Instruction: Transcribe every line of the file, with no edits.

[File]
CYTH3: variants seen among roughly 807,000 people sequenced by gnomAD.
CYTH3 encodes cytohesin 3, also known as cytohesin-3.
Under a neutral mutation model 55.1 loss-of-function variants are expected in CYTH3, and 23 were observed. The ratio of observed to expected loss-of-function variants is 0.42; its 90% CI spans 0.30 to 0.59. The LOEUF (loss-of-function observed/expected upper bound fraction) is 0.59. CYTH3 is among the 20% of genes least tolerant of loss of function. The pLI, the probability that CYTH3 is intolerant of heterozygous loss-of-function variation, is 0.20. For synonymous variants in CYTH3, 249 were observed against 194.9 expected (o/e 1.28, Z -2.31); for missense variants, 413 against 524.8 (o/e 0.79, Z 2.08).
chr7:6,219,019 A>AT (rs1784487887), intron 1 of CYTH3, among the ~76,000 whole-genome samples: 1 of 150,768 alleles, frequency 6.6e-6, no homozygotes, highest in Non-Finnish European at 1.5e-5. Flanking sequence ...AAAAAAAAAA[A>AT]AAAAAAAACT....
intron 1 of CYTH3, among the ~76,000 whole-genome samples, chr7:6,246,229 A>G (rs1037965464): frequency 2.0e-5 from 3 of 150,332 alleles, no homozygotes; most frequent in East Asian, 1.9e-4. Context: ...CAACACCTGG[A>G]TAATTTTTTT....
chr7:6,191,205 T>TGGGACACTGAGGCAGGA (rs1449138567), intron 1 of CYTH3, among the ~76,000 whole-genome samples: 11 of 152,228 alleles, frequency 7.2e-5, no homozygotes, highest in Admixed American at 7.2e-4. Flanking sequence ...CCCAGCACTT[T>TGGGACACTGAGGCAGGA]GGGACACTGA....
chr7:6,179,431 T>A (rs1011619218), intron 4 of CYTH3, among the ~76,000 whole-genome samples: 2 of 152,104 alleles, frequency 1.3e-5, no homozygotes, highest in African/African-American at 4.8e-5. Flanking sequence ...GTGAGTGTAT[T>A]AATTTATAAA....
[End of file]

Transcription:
CYTH3: variants seen among roughly 807,000 people sequenced by gnomAD.
CYTH3 encodes cytohesin 3, also known as cytohesin-3.
Under a neutral mutation model 55.1 loss-of-function variants are expected in CYTH3, and 23 were observed. The ratio of observed to expected loss-of-function variants is 0.42; its 90% CI spans 0.30 to 0.59. The LOEUF (loss-of-function observed/expected upper bound fraction) is 0.59. CYTH3 is among the 20% of genes least tolerant of loss of function. The pLI, the probability that CYTH3 is intolerant of heterozygous loss-of-function variation, is 0.20. For synonymous variants in CYTH3, 249 were observed against 194.9 expected (o/e 1.28, Z -2.31); for missense variants, 413 against 524.8 (o/e 0.79, Z 2.08).
chr7:6,219,019 A>AT (rs1784487887), intron 1 of CYTH3, among the ~76,000 whole-genome samples: 1 of 150,768 alleles, frequency 6.6e-6, no homozygotes, highest in Non-Finnish European at 1.5e-5. Flanking sequence ...AAAAAAAAAA[A>AT]AAAAAAAACT....
intron 1 of CYTH3, among the ~76,000 whole-genome samples, chr7:6,246,229 A>G (rs1037965464): frequency 2.0e-5 from 3 of 150,332 alleles, no homozygotes; most frequent in East Asian, 1.9e-4. Context: ...CAACACCTGG[A>G]TAATTTTTTT....
chr7:6,191,205 T>TGGGACACTGAGGCAGGA (rs1449138567), intron 1 of CYTH3, among the ~76,000 whole-genome samples: 11 of 152,228 alleles, frequency 7.2e-5, no homozygotes, highest in Admixed American at 7.2e-4. Flanking sequence ...CCCAGCACTT[T>TGGGACACTGAGGCAGGA]GGGACACTGA....
chr7:6,179,431 T>A (rs1011619218), intron 4 of CYTH3, among the ~76,000 whole-genome samples: 2 of 152,104 alleles, frequency 1.3e-5, no homozygotes, highest in African/African-American at 4.8e-5. Flanking sequence ...GTGAGTGTAT[T>A]AATTTATAAA....